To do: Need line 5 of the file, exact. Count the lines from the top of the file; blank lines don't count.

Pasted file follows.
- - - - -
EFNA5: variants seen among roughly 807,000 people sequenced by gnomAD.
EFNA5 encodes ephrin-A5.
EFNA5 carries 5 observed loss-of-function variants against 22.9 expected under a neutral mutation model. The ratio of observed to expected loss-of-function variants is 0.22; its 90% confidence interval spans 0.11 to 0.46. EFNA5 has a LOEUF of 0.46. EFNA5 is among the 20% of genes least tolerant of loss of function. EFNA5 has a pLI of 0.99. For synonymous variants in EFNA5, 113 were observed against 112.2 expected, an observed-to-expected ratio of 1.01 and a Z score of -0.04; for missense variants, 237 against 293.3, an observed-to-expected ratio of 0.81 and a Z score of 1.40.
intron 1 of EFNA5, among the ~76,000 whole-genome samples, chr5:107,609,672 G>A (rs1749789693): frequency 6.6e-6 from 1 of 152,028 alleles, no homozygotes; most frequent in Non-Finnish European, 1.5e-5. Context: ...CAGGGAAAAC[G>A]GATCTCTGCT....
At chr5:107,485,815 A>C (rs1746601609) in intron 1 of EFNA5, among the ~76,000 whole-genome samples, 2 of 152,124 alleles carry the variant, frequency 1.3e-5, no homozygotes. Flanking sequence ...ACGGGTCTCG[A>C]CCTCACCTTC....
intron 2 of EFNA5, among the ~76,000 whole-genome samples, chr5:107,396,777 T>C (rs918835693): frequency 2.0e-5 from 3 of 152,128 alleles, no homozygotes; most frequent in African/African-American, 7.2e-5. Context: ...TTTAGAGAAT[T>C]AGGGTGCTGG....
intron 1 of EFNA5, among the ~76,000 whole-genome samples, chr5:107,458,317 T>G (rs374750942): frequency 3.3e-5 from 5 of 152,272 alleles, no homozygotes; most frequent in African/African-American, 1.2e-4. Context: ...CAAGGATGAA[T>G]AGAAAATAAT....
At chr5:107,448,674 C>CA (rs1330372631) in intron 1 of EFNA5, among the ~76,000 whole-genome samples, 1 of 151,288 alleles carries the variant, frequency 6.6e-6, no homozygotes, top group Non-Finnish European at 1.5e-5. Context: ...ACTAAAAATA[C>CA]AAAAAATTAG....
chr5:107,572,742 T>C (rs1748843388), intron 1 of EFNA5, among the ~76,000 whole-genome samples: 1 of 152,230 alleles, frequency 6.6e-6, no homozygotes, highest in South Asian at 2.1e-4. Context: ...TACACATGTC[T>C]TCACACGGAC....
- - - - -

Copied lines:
At chr5:107,485,815 A>C (rs1746601609) in intron 1 of EFNA5, among the ~76,000 whole-genome samples, 2 of 152,124 alleles carry the variant, frequency 1.3e-5, no homozygotes. Flanking sequence ...ACGGGTCTCG[A>C]CCTCACCTTC....